"Yes?" Jellipot answered doubtfully. "I suppose there isn't any man about here that I can ask - Or," with a sudden inspiration, "if you could lend me a sheet?"

        "Yes, I could do that," she answered. "I'd better get George, my lodger, to come." She raised her voice slightly to call: "George," and a young man appeared at once from an inner room, wiping a full mouth.

        George was stolid and large. He listened to Mr. Jellipot's severely restricted statement of the presence of a murdered man at the stile without visible emotion. Then he went with a slow but willing heaviness to bring the sheet from the double bed, as his landlady asked him to do.

        The next moment George appeared with a clean sheet loosely folded over his arm, and walked at Jellipot's side the short distance to the stile without indulging in further speech.

        His eyes became somewhat rounded at the sight of the grotesque posture and nudity of the murdered man. "Looks," he said laconically, "as though they crocked him to swipe his duds."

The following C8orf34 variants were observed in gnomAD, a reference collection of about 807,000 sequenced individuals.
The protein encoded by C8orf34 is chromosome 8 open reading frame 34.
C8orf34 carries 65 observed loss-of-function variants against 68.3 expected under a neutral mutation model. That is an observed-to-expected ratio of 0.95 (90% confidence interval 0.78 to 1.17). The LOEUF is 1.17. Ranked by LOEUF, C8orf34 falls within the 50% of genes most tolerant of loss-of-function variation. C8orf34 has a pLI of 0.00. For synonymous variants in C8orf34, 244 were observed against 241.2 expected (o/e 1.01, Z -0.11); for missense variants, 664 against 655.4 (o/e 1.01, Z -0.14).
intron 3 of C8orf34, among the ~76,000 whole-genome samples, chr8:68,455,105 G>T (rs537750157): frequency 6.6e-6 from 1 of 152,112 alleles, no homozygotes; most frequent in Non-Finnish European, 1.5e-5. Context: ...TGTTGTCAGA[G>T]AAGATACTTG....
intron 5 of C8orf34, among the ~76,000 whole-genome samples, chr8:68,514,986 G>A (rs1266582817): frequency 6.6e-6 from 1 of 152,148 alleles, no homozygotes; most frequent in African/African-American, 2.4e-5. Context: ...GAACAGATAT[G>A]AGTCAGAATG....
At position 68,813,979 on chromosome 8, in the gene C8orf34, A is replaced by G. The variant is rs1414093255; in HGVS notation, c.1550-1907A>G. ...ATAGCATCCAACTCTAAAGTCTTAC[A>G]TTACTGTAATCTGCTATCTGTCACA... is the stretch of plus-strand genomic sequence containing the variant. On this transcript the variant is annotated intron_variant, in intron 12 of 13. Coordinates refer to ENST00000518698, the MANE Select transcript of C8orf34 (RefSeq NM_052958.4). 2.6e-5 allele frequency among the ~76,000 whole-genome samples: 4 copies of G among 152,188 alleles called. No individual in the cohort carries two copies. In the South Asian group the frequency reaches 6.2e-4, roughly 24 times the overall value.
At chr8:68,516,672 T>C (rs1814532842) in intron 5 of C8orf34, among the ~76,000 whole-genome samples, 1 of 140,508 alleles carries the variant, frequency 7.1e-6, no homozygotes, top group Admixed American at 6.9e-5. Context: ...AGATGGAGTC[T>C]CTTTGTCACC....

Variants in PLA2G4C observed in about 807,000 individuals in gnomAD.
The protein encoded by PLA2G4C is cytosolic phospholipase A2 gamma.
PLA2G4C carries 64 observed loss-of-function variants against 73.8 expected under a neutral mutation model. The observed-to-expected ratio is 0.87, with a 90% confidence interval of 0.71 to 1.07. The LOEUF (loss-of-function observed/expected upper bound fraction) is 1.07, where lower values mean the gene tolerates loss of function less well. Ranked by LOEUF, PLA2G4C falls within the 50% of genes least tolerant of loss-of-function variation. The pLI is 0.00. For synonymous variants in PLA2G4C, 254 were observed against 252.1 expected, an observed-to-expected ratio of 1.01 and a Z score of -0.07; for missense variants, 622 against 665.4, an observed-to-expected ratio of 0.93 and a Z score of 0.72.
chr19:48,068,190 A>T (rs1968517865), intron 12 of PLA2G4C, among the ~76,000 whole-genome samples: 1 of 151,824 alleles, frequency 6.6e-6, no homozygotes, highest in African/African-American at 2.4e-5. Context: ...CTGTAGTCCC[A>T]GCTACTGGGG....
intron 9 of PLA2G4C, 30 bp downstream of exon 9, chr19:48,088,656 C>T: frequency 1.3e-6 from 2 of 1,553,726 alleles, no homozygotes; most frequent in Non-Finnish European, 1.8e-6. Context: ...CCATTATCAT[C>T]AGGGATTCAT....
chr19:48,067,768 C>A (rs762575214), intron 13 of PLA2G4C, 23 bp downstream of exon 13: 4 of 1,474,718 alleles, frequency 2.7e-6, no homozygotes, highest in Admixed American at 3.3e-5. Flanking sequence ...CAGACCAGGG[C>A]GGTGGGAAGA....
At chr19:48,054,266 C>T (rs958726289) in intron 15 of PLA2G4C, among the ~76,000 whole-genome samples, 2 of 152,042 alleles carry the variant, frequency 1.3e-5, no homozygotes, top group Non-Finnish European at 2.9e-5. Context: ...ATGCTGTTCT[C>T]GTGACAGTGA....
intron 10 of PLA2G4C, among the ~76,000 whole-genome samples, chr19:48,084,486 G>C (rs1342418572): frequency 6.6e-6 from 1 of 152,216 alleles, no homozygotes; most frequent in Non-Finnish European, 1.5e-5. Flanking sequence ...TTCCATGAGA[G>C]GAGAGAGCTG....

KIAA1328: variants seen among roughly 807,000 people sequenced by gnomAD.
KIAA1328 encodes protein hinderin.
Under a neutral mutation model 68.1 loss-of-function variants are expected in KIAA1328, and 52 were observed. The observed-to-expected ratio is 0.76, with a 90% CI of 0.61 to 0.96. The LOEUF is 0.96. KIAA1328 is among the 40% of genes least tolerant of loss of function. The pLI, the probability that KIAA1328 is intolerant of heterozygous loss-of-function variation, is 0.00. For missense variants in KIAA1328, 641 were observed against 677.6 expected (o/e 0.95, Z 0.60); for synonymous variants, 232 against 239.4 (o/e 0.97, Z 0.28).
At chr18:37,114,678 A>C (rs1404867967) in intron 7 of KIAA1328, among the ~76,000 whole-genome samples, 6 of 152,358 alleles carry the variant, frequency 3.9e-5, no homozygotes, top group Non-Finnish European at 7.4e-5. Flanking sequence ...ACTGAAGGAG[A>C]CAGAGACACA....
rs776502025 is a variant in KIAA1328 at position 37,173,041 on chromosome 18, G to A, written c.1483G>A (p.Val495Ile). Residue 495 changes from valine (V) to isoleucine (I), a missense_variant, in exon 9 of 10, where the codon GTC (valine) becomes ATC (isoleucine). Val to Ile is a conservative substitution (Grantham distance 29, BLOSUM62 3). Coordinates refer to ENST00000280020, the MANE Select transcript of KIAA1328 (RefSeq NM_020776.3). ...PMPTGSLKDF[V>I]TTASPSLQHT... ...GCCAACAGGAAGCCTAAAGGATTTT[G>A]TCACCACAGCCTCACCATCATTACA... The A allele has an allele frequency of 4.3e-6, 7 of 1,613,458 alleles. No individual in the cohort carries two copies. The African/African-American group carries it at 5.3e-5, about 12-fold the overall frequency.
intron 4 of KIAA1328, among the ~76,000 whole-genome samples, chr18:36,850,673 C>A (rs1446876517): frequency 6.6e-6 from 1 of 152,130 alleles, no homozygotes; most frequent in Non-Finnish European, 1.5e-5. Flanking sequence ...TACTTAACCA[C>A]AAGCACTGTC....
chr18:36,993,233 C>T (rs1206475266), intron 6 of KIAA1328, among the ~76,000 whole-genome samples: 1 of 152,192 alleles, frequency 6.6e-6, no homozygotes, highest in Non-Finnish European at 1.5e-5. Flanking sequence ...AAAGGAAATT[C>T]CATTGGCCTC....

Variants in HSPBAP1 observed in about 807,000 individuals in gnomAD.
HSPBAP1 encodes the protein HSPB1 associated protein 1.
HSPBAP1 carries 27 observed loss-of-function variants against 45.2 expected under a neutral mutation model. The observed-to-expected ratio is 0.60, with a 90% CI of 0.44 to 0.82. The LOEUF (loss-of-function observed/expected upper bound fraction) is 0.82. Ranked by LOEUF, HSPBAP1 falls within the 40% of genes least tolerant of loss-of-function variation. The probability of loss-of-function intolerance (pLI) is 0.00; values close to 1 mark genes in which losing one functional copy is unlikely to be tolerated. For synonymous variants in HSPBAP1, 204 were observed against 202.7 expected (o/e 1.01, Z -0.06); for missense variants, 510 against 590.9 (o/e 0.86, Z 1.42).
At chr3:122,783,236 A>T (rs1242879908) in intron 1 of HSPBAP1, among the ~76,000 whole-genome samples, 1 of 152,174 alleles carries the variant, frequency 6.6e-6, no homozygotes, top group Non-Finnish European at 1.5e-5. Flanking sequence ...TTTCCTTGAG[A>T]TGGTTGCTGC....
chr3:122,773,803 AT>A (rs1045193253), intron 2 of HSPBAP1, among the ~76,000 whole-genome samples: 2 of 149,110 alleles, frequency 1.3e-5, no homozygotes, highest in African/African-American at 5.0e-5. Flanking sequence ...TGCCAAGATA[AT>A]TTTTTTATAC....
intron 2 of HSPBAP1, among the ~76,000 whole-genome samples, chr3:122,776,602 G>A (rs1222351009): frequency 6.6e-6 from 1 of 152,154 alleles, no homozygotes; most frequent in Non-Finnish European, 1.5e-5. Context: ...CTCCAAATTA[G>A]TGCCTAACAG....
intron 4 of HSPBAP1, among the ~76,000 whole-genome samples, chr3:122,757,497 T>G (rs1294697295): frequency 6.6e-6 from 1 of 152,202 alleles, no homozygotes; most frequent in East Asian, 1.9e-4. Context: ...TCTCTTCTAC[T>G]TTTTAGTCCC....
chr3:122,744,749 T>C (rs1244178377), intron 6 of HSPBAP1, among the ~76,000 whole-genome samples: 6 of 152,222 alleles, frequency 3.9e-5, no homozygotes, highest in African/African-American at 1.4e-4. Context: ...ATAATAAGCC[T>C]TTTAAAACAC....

"It is," Jellipot admitted, "a possible but still inadequate explanation."

        George, who had come from London three months before, when he had obtained a position as assistant to a Seer Green butcher, surveyed the dead body with the professional interest of a licensed slaughterman. He looked under the sagging chin. "Been bled," he explained, with the finality of one who knew; "bled slow." He looked on the ground, and added: "I'm satisfied that it wasn't done here. Wonder how they lugged him along."

        "I suppose," Jellipot said reasonably, "that it must have been brought by car." He was unaware of George's professional qualifications, but recognized the tone of authority with which he spoke. He asked: "How long should you say he's been dead?"

        "Might be a day, or perhaps two. You couldn't say nearer than that." Together they draped the sheet over the unseemly spectacle. "I wonder," Jellipot said, "that no one noticed this before I came along - that is, if it was put here during the night, as I suppose."

        "Folks aren't over-early on Sundays round here. Not as I've seen There'd be the milkman. He must have come by."